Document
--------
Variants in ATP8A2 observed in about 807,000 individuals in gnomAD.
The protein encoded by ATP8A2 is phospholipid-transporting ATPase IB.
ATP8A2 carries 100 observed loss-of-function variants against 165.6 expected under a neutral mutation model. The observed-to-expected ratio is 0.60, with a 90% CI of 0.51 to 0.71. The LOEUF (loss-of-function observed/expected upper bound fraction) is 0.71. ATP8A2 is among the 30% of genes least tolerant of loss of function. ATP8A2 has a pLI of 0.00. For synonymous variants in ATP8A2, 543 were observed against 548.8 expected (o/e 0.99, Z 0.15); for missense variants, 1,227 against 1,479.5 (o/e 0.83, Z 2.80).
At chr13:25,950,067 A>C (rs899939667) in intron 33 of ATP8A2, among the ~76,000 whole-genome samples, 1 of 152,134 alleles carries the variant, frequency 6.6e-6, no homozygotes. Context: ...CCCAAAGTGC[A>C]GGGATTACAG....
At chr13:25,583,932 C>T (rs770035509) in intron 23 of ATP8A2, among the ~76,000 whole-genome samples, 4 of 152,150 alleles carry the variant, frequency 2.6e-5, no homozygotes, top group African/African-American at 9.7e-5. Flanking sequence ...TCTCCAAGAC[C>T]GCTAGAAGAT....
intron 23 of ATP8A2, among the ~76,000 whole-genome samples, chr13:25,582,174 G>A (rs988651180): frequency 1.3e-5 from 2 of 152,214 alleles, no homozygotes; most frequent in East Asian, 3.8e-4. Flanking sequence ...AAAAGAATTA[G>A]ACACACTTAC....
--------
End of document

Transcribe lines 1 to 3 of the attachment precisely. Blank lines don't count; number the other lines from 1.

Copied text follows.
Variants in ATP8A2 observed in about 807,000 individuals in gnomAD.
The protein encoded by ATP8A2 is phospholipid-transporting ATPase IB.
ATP8A2 carries 100 observed loss-of-function variants against 165.6 expected under a neutral mutation model. The observed-to-expected ratio is 0.60, with a 90% CI of 0.51 to 0.71. The LOEUF (loss-of-function observed/expected upper bound fraction) is 0.71. ATP8A2 is among the 30% of genes least tolerant of loss of function. ATP8A2 has a pLI of 0.00. For synonymous variants in ATP8A2, 543 were observed against 548.8 expected (o/e 0.99, Z 0.15); for missense variants, 1,227 against 1,479.5 (o/e 0.83, Z 2.80).